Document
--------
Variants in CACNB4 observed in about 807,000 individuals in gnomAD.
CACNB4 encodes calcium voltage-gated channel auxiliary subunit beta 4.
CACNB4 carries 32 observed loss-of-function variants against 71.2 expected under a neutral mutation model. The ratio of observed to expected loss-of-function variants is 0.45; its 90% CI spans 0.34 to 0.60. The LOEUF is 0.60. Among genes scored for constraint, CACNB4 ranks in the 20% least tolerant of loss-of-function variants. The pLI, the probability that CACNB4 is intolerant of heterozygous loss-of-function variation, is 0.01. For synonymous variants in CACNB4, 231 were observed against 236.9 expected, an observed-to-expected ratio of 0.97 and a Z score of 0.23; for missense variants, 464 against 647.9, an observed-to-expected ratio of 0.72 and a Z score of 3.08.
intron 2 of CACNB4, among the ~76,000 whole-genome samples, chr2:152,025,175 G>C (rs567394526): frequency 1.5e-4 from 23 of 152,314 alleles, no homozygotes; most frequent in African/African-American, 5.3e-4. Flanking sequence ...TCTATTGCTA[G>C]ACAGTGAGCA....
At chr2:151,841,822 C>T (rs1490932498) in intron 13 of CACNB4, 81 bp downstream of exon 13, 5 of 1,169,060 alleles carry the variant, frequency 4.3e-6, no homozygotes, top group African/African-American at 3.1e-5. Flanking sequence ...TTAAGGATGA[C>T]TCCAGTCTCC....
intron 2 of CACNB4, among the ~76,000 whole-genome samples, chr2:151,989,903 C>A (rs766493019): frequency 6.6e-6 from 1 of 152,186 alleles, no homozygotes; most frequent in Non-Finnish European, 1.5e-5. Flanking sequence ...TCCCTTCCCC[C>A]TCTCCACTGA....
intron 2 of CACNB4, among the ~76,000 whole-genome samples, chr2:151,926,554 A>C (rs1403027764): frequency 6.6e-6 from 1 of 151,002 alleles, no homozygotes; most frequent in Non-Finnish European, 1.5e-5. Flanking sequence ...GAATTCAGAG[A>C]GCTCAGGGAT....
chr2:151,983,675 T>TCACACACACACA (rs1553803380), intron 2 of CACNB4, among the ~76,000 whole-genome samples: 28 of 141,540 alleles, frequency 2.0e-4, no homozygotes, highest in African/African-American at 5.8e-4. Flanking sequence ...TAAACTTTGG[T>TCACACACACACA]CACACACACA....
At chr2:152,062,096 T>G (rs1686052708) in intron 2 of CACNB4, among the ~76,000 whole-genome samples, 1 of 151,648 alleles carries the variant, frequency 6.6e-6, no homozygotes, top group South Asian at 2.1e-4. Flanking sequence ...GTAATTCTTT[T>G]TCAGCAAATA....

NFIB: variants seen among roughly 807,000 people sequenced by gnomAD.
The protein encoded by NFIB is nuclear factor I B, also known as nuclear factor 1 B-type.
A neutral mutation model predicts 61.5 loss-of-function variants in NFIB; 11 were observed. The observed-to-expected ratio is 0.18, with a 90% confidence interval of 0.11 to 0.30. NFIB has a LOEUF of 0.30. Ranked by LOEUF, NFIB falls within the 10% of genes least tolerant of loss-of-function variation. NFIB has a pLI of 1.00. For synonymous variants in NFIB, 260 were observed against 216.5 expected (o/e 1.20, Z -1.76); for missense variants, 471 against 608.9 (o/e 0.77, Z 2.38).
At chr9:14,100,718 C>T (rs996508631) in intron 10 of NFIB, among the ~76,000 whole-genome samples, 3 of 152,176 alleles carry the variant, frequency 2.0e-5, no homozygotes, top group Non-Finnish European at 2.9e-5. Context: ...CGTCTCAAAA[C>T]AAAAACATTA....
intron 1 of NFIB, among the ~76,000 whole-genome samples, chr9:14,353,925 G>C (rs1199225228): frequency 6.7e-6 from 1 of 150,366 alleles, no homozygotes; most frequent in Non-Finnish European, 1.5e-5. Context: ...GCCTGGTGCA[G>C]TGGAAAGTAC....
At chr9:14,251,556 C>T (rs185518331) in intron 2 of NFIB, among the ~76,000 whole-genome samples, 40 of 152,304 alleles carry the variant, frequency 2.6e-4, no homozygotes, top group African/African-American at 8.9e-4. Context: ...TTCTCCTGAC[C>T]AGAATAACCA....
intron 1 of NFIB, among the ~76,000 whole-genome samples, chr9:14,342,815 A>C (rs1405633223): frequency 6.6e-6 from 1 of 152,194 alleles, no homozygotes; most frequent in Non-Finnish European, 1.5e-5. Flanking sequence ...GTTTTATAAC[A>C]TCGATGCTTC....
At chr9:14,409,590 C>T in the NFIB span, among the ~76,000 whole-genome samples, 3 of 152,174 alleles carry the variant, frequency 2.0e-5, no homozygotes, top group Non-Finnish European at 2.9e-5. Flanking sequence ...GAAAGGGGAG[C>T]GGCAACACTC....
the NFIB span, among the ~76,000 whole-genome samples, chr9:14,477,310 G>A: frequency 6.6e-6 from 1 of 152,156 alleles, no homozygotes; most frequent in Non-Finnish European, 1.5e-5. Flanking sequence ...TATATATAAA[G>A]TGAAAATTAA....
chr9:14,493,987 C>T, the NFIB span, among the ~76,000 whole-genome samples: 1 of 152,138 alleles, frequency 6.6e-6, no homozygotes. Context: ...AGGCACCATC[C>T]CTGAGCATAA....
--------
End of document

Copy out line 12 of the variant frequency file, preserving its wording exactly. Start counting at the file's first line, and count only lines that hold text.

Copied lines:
A neutral mutation model predicts 61.5 loss-of-function variants in NFIB; 11 were observed. The observed-to-expected ratio is 0.18, with a 90% confidence interval of 0.11 to 0.30. NFIB has a LOEUF of 0.30. Ranked by LOEUF, NFIB falls within the 10% of genes least tolerant of loss-of-function variation. NFIB has a pLI of 1.00. For synonymous variants in NFIB, 260 were observed against 216.5 expected (o/e 1.20, Z -1.76); for missense variants, 471 against 608.9 (o/e 0.77, Z 2.38).